Don’t raise the gas tax
Shift to users fees, tolls or VMT
I HAVE WATCHED with a combination of amusement and amazement as columnists across the ideological spectrum have recently called for a federal gas tax hike. First it was the Washington Post’s stalwart conservative Charles Krauthammer, then the liberal Gail Collins in the Times. Columbia University’s Jeffrey Sachs endorsed a hefty gas tax increase in Politico. Locally, the Globe’s Dante Ramos weighed in with his own call for an increase in the federal gas tax. Everyone’s on board.
Well, not everyone.
Last September, I wrote in Commonwealth that “the gas tax is not the future of transportation funding.” Nothing has changed to alter that statement. The current frenzy to raise the federal gas tax was triggered by the recent steep decline in gasoline prices. The idea underlying support for a federal gas tax increase has a charming simplicity: people won’t mind paying a bit more at the gas pump since their overall fuel costs have so sharply decreased. Yet time and experience teach that the gas tax is a politically unpopular approach to raising transportation revenue. Indeed it can be toxic – this I know from personal experience. Let’s stipulate to that. Let’s also stipulate to these facts: people are driving less, and they are driving cars that are significantly more fuel efficient as a result of improved internal combustion technology or hybrid/electric technology. As a result, gas tax revenues have been declining for the past decade, and they are forecast to continue on a slow and steady decline.
The number of vehicle miles traveled in the United States has declined each year for the past decade. This trend appears to be the new norm as younger people are rejecting an auto-centric approach to mobility, preferring to take alternative modes of travel. This demographic change, combined with changes in how we conduct business (technology enables people to communicate, conduct meetings, check in with their doctor, and even attend college classes via the Internet) makes driving and its attendant inconveniences (chronic traffic congestion, high costs for parking in urban areas) less and less appealing. Moreover, because the federal gas tax is not adjusted for inflation, the 18.4-cent federal tax is worth 38 percent less than it was worth when it was last increased 20 year ago. Voters in Massachusetts recently rejected an inflation adjustment for the state’s gas tax, sending a message loud and clear to all who will hear it: stop relying on the gas tax to fund transportation needs.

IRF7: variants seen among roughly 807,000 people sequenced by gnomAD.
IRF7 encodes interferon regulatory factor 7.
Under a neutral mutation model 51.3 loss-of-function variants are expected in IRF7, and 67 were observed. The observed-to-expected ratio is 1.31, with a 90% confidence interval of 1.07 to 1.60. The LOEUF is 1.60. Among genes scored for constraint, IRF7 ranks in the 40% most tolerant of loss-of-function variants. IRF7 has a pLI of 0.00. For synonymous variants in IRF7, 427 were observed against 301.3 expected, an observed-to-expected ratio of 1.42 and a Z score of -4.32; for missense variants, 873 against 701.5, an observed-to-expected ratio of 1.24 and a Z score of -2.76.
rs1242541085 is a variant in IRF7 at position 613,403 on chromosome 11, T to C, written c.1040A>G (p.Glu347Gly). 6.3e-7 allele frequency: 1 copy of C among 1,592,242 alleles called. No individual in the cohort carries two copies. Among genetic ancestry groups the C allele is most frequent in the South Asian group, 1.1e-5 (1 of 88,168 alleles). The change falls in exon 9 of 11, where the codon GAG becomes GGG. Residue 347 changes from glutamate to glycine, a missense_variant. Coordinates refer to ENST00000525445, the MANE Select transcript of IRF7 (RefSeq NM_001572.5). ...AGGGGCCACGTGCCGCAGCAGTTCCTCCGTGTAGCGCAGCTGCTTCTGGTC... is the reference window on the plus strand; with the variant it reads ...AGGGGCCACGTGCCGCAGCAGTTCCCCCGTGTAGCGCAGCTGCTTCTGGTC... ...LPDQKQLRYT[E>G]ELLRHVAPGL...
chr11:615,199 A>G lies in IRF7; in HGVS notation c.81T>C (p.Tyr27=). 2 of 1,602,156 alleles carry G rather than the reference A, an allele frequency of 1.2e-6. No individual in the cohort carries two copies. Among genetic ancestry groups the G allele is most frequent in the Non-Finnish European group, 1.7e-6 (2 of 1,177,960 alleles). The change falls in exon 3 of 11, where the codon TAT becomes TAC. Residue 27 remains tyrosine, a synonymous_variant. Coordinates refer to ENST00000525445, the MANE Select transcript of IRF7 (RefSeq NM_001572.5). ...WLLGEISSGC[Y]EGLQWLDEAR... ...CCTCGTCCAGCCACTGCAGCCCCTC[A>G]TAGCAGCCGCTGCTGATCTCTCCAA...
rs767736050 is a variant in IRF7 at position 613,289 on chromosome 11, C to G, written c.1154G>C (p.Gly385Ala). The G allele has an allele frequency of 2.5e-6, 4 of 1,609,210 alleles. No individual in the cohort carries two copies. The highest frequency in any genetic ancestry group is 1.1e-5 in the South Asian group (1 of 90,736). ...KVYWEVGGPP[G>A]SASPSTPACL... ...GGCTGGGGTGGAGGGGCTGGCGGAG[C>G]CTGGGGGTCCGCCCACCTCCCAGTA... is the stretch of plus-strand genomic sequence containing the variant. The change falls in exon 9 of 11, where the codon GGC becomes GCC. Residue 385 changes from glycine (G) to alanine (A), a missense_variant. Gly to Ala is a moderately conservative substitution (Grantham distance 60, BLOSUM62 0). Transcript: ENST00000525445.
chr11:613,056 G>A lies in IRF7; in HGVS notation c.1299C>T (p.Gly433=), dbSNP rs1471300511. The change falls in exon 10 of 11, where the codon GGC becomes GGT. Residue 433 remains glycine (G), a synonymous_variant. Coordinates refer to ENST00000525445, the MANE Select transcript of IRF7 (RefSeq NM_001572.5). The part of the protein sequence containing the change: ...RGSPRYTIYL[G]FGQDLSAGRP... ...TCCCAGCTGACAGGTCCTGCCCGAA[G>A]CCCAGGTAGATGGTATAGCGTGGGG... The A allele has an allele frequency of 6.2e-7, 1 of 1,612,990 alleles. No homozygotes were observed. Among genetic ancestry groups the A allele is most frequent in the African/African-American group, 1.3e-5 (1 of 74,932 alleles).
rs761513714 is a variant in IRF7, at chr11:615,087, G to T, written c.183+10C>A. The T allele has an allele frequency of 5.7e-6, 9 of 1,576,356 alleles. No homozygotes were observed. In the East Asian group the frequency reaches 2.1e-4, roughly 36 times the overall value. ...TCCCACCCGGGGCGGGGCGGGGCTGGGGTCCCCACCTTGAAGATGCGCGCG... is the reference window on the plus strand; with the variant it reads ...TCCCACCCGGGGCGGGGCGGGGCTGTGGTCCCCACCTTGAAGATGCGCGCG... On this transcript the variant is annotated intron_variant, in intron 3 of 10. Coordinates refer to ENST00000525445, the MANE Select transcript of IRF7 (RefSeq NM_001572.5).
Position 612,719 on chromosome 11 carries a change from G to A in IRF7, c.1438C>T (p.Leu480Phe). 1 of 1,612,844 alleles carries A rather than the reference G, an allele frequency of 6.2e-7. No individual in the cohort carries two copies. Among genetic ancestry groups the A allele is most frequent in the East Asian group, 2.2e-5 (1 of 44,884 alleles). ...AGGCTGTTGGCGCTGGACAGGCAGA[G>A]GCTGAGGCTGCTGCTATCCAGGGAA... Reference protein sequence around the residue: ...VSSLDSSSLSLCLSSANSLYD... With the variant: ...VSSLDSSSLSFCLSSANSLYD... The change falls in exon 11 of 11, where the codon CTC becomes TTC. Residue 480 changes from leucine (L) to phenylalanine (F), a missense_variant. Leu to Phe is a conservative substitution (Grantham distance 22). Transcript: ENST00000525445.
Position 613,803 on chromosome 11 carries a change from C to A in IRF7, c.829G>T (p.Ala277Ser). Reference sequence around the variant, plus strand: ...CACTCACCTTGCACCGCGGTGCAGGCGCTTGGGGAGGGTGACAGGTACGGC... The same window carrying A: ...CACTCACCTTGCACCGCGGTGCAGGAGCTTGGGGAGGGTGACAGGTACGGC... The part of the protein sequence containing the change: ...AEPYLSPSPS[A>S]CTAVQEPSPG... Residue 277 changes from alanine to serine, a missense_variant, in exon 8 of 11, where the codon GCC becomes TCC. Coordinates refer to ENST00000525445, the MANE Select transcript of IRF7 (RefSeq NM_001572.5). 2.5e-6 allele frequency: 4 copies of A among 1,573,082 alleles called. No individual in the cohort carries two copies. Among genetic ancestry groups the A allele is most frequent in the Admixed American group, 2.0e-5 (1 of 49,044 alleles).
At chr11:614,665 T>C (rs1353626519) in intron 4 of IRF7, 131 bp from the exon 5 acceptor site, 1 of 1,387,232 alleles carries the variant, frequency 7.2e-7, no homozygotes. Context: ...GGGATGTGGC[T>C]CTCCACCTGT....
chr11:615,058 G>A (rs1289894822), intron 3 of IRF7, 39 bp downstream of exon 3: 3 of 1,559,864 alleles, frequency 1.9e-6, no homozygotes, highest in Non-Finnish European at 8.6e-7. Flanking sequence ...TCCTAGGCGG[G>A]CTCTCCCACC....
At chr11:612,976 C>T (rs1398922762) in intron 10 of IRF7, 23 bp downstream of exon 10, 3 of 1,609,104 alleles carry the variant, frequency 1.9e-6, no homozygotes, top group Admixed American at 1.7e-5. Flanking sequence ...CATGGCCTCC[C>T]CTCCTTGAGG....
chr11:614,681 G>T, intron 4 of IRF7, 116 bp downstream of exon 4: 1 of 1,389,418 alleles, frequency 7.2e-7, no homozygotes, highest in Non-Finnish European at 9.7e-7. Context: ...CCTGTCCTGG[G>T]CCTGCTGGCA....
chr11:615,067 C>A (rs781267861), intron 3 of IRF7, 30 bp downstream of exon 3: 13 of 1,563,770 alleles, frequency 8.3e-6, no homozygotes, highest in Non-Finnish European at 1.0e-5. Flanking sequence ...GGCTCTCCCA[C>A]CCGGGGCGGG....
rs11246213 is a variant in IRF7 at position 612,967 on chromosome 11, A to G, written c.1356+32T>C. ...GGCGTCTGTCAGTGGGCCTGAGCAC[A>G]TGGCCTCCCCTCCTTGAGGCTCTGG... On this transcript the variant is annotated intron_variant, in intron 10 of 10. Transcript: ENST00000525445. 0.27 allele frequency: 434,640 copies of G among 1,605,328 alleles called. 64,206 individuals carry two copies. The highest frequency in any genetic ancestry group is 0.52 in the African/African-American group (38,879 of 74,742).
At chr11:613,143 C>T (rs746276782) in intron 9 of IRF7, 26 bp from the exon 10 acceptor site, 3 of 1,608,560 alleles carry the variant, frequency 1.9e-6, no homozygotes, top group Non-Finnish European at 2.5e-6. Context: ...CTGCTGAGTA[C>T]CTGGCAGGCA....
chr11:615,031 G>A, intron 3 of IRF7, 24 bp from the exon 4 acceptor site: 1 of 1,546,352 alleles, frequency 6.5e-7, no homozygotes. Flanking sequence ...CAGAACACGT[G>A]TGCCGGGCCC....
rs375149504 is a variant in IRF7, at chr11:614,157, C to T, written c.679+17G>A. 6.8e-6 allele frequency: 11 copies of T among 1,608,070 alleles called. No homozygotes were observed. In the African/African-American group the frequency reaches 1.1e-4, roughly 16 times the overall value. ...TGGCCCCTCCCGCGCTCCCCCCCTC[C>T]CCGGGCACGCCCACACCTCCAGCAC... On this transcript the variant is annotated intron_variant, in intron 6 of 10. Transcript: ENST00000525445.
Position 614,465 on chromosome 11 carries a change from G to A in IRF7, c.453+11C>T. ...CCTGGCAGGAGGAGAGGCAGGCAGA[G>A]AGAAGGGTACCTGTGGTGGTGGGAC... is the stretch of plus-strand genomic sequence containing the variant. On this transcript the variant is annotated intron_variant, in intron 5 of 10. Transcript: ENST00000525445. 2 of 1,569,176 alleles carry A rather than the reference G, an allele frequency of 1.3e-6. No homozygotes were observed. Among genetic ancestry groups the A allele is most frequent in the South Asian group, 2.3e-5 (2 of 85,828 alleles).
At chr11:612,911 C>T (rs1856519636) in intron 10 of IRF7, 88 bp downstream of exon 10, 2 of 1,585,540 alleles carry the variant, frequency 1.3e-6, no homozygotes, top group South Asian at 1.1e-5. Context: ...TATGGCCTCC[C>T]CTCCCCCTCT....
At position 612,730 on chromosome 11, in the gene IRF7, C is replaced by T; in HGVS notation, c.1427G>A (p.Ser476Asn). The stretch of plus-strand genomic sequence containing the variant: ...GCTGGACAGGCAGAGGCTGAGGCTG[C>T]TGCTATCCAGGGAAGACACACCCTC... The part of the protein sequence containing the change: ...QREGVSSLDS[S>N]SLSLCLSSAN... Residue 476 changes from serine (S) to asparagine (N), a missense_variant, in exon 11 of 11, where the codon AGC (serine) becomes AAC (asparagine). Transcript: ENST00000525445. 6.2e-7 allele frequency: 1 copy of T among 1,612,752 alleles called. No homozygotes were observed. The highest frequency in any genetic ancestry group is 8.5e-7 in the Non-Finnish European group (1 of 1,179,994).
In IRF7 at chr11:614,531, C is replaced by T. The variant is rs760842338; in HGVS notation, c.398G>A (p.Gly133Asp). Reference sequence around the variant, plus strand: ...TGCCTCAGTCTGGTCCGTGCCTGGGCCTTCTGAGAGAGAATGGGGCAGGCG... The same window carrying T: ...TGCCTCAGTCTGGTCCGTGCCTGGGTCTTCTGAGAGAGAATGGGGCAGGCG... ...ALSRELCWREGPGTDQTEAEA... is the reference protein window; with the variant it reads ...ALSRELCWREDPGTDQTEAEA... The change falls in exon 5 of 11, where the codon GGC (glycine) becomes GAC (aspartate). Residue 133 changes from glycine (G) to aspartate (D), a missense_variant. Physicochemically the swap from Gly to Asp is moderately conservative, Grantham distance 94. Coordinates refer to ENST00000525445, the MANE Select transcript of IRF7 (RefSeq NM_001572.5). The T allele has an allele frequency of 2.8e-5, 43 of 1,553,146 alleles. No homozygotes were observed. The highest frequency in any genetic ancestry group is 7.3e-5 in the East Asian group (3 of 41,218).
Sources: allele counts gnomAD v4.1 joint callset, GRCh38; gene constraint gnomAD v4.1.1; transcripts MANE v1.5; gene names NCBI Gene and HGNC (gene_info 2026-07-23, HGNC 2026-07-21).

Why chase a revenue source that politicians and voters are loathe to support? Why push for a revenue source that is in rapid and unstoppable decline? Why approach 21st century transportation needs with a 20th century funding solution? Those are the hard questions that must be answered, and the honest answer to each of them leads to one conclusion: it no longer makes sense to look to the gas tax as the principal source of transportation revenue.
Raising the gas tax now, when oil prices are low, is a cop-out, a way to avoid making the important, long-term decisions that must be made to secure our transportation future. I have advocated for a “three-legged stool” approach to generating net new transportation revenue: (1) smart public/private partnerships, (2) empowering municipalities through Transit Improvement Districts, and (3) adopting technology-driven solutions, including expanding our highway, bridge, and tunnel-toll system, and imposing a pure user fee – a vehicle miles traveled fee – on motor vehicle use. Each of these initiatives requires some form of congressional or state action to make them happen (although we have a transportation public/private partnership statute, it requires either amendment or a more detailed regulatory framework to operate effectively). I would like to focus here on the user fee issue.